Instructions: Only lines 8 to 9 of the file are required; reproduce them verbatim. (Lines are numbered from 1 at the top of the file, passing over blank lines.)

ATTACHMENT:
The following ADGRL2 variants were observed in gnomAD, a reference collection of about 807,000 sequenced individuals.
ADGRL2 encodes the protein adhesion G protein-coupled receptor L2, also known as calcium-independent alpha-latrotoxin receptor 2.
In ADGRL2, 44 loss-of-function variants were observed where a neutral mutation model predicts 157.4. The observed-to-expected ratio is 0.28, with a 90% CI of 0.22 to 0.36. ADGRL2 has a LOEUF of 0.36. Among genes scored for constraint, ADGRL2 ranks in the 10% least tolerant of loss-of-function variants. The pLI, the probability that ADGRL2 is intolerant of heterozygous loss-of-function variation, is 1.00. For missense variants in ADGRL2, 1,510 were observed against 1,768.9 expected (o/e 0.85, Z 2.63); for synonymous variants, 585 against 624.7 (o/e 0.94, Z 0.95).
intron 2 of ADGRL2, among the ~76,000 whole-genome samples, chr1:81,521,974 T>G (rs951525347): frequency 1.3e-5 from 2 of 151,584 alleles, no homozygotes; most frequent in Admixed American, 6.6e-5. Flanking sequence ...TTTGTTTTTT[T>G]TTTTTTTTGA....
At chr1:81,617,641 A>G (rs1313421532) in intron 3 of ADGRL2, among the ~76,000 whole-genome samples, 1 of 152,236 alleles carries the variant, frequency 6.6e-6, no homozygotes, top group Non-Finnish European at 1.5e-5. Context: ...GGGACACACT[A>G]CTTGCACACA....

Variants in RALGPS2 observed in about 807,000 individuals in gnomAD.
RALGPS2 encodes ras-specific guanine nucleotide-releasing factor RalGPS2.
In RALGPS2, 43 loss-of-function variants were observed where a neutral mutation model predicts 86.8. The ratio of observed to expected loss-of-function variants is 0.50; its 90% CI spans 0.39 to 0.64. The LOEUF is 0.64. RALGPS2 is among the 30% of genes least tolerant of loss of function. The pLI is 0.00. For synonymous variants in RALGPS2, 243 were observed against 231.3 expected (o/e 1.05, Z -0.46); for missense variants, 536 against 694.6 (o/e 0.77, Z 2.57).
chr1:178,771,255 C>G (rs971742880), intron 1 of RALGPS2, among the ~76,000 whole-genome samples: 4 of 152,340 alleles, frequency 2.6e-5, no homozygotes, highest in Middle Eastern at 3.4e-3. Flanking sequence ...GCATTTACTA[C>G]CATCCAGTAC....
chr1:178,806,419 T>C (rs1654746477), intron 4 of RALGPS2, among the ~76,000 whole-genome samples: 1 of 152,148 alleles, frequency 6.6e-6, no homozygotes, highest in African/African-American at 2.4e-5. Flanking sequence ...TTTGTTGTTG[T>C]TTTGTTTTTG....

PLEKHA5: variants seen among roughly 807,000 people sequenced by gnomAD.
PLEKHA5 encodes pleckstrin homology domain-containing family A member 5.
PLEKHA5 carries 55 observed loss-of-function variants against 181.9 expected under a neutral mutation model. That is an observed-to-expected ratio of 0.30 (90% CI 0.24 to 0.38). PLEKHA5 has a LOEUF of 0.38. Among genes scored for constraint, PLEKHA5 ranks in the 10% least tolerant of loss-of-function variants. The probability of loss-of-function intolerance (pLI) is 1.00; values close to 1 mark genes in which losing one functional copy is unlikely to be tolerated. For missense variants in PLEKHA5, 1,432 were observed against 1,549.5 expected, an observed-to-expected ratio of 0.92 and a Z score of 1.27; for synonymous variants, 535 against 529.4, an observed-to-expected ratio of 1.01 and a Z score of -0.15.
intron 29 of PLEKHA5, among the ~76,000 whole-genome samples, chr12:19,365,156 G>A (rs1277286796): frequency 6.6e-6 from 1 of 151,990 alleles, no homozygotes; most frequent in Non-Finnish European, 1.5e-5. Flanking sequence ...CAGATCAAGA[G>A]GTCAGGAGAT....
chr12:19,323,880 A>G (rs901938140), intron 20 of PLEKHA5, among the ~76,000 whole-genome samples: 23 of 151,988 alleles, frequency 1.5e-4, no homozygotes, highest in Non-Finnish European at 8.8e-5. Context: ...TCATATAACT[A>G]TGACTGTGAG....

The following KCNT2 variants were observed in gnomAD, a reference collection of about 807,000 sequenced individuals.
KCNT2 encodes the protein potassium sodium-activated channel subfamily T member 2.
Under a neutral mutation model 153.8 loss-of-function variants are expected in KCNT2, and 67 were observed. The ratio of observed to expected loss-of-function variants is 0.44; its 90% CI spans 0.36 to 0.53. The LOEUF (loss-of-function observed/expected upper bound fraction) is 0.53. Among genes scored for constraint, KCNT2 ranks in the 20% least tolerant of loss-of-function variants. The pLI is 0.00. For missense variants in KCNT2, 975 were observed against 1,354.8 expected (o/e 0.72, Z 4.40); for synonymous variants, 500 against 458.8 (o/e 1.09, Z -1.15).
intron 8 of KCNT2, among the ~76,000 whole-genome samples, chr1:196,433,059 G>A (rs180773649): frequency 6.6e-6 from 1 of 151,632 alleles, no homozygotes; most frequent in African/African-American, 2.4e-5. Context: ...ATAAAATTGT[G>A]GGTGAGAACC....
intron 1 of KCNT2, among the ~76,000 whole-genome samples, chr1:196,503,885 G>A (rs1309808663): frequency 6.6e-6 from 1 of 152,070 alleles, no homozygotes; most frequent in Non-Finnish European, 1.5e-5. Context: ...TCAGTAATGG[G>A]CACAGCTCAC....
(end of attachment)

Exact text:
In RALGPS2, 43 loss-of-function variants were observed where a neutral mutation model predicts 86.8. The ratio of observed to expected loss-of-function variants is 0.50; its 90% CI spans 0.39 to 0.64. The LOEUF is 0.64. RALGPS2 is among the 30% of genes least tolerant of loss of function. The pLI is 0.00. For synonymous variants in RALGPS2, 243 were observed against 231.3 expected (o/e 1.05, Z -0.46); for missense variants, 536 against 694.6 (o/e 0.77, Z 2.57).
chr1:178,771,255 C>G (rs971742880), intron 1 of RALGPS2, among the ~76,000 whole-genome samples: 4 of 152,340 alleles, frequency 2.6e-5, no homozygotes, highest in Middle Eastern at 3.4e-3. Flanking sequence ...GCATTTACTA[C>G]CATCCAGTAC....